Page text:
Pendulum won't be able to swing back to DPP

PUBLISHED : Sunday, 13 January, 2008, 12:00am
UPDATED : Sunday, 13 January, 2008, 12:00am


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The Kuomintang's big win has given the main opposition party a strong boost for its candidate, Ma Ying-jeou, in the more important presidential poll in two months' time.

It was a huge setback for President Chen Shui-bian's efforts to entrench a political divide and it will be difficult for his Democratic Progressive Party to regain ground before the March 22 vote.

'The KMT's landslide greatly helps to consolidate the opposition party's support, and it is less likely that the DPP will be able to win it back in the presidential poll,' said political analyst Andrew Yang Nien-dzu, secretary general of the Chinese Council of Advanced Policy Studies.

In the past two decades, Taiwan has seen a so-called pendulum effect, in which voters have tended to favour the party that lost the previous election, possibly to maintain a political balance. But analysts said the fact that the DPP had lost even in its stronghold of Kaohsiung showed such an effect would be limited.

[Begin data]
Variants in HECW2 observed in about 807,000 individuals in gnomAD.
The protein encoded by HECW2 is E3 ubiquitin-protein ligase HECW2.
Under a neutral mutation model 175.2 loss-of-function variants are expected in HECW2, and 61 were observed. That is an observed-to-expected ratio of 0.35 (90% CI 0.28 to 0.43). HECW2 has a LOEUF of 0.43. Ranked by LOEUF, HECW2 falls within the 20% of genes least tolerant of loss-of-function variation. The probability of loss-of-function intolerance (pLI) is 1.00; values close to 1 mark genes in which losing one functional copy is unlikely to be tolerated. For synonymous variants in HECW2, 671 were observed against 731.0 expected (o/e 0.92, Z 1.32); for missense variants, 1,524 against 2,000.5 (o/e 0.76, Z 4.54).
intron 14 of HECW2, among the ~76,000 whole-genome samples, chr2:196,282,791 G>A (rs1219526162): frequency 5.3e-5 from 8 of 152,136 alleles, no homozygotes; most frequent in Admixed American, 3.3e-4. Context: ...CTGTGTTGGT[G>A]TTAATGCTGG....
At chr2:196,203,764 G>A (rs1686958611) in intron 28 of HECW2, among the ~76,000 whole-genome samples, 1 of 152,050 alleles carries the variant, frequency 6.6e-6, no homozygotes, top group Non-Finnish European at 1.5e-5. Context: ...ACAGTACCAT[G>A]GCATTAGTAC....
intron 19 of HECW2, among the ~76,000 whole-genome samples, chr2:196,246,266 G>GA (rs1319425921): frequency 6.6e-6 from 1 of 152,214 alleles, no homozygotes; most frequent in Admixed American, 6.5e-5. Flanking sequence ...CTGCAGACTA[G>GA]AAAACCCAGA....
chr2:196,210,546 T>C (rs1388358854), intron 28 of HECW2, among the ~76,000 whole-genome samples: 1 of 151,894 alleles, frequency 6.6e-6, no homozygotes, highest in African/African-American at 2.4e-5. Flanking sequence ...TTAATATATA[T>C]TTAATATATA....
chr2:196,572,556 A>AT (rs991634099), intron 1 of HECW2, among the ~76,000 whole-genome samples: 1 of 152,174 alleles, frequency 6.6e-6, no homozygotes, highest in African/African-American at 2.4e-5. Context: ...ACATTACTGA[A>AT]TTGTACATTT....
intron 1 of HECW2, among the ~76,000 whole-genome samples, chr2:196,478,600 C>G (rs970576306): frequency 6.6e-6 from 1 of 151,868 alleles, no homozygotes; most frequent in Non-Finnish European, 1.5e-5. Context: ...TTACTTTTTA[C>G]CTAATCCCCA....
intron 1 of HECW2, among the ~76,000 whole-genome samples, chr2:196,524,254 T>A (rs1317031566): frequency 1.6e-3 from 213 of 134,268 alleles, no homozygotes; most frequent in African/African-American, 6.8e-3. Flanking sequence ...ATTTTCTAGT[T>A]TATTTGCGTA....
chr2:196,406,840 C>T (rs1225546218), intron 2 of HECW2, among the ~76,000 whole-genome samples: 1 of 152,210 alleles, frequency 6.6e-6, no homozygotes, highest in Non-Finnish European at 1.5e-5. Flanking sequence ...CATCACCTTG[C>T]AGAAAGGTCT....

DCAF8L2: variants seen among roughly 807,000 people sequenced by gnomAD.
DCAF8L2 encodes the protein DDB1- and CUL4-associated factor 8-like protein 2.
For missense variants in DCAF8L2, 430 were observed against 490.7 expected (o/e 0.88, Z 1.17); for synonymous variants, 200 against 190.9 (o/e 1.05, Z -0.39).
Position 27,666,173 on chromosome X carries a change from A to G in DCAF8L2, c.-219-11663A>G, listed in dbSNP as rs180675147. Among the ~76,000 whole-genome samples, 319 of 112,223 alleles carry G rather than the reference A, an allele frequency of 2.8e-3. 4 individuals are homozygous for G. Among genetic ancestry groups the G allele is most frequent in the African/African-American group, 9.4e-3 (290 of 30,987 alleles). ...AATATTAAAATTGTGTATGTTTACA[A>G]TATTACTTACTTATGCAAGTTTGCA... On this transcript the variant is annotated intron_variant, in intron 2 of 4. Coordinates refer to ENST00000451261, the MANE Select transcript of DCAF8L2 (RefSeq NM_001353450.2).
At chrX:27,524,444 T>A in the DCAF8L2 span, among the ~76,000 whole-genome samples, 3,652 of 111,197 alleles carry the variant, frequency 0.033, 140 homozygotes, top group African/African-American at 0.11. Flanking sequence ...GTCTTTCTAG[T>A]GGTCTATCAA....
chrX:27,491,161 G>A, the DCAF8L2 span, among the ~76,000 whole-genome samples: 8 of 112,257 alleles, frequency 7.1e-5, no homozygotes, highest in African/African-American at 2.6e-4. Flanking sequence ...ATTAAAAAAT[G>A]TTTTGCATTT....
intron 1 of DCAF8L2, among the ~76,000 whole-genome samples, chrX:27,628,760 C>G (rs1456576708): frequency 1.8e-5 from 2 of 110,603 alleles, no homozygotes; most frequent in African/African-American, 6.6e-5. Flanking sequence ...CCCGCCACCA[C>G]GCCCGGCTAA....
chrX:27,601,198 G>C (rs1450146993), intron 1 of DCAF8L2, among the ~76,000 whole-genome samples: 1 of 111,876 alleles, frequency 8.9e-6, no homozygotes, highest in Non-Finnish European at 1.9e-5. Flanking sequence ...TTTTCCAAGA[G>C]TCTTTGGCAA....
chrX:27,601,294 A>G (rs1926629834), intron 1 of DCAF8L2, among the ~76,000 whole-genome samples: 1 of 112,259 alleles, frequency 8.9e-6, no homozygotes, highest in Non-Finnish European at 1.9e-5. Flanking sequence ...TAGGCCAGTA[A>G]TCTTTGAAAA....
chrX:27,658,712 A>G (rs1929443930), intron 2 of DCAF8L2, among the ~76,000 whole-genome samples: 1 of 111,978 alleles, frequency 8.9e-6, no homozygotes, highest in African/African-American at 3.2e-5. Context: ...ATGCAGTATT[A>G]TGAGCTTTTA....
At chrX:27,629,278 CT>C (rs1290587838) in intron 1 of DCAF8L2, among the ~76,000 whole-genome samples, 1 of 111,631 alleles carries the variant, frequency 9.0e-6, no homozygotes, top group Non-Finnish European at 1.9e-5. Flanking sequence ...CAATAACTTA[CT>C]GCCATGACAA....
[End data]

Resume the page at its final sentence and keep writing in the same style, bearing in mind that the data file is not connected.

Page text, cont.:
The DPP was able to secure only the southern city and county of Tainan, Mr Chen's hometown, and won two of the three seats in the southernmost stronghold of Pingtung. It lost in most of the 75 constituencies, including two electoral districts for indigenous candidates.

'For the pendulum effect to take place, [DPP presidential candidate] Frank Hsieh [Chang-ting] would need to distance himself from Chen Shui-bian,' said Chu Hsin-min, professor of diplomacy at National Chengchi University. 'But would it be possible for Hsieh to do so, given that the entire DPP has been kidnapped by Chen?'

He said the KMT would do all it could to convince voters that a KMT president plus a KMT-led legislature would help achieve political and economic stability after the two parties' eight years of bitter bickering.

Pundits said Mr Chen's radical policy of fanning the political divide, which had intensified hatred between the pro-independence and mainland-friendly camps, was a major factor in the DPP setback.

'Chen Shui-bian has tried to use the political divide to distract public attention from his poor administration and alleged corruption of his government,' said political commentator Yeh Yao-peng.

Mr Yeh, a former DPP member, said Mr Chen had used hardcore pro-independence supporters to consolidate his power base and hijack the DPP for years.

'The big setback means his radical line might no longer work in the future,' he said.

Most of the DPP candidates known for their hardcore pro-independence stance and staunch support of Mr Chen lost.